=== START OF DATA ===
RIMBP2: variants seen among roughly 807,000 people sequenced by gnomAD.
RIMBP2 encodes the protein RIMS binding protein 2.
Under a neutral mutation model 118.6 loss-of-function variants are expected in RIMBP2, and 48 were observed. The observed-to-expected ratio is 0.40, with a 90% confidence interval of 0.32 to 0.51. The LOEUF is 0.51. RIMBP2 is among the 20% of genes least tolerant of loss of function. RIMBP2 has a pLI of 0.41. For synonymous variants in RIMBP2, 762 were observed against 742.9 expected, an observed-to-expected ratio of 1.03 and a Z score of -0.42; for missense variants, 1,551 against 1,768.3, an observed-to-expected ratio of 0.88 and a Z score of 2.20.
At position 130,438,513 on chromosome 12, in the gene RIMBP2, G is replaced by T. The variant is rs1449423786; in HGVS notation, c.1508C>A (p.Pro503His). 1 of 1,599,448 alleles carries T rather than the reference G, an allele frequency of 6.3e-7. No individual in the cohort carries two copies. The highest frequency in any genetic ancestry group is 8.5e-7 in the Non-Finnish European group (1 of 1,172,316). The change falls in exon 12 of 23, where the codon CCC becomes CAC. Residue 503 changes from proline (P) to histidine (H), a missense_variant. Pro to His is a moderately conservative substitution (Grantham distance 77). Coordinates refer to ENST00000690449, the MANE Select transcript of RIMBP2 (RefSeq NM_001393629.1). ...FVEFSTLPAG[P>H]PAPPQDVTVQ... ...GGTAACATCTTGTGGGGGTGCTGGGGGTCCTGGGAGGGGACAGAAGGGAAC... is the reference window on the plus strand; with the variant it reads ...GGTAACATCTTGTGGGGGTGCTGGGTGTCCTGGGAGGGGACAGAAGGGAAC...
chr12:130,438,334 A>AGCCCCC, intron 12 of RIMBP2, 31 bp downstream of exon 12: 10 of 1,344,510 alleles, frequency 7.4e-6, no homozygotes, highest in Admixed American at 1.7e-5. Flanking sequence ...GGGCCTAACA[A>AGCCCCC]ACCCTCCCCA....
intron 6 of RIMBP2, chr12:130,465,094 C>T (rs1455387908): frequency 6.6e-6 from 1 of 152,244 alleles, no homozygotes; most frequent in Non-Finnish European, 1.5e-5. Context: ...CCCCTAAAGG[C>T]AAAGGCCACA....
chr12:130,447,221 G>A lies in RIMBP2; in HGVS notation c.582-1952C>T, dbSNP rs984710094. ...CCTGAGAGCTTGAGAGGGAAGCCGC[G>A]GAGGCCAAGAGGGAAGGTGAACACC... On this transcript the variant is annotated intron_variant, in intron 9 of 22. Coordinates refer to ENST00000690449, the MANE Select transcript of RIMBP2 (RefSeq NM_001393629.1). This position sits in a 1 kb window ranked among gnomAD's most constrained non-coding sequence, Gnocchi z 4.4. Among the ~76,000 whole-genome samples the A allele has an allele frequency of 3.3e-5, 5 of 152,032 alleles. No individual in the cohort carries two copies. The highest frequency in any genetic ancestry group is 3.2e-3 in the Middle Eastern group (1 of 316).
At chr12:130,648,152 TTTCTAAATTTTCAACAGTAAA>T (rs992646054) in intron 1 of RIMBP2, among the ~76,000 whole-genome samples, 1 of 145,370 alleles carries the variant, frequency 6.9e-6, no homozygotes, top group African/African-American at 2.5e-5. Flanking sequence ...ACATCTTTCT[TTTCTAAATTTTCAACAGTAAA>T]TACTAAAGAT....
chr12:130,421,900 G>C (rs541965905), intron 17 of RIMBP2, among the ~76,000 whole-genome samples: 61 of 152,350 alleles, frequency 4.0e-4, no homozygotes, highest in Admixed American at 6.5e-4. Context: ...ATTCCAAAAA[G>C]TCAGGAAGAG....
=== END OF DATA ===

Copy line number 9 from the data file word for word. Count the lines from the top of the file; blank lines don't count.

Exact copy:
chr12:130,421,900 G>C (rs541965905), intron 17 of RIMBP2, among the ~76,000 whole-genome samples: 61 of 152,350 alleles, frequency 4.0e-4, no homozygotes, highest in Admixed American at 6.5e-4. Context: ...ATTCCAAAAA[G>C]TCAGGAAGAG....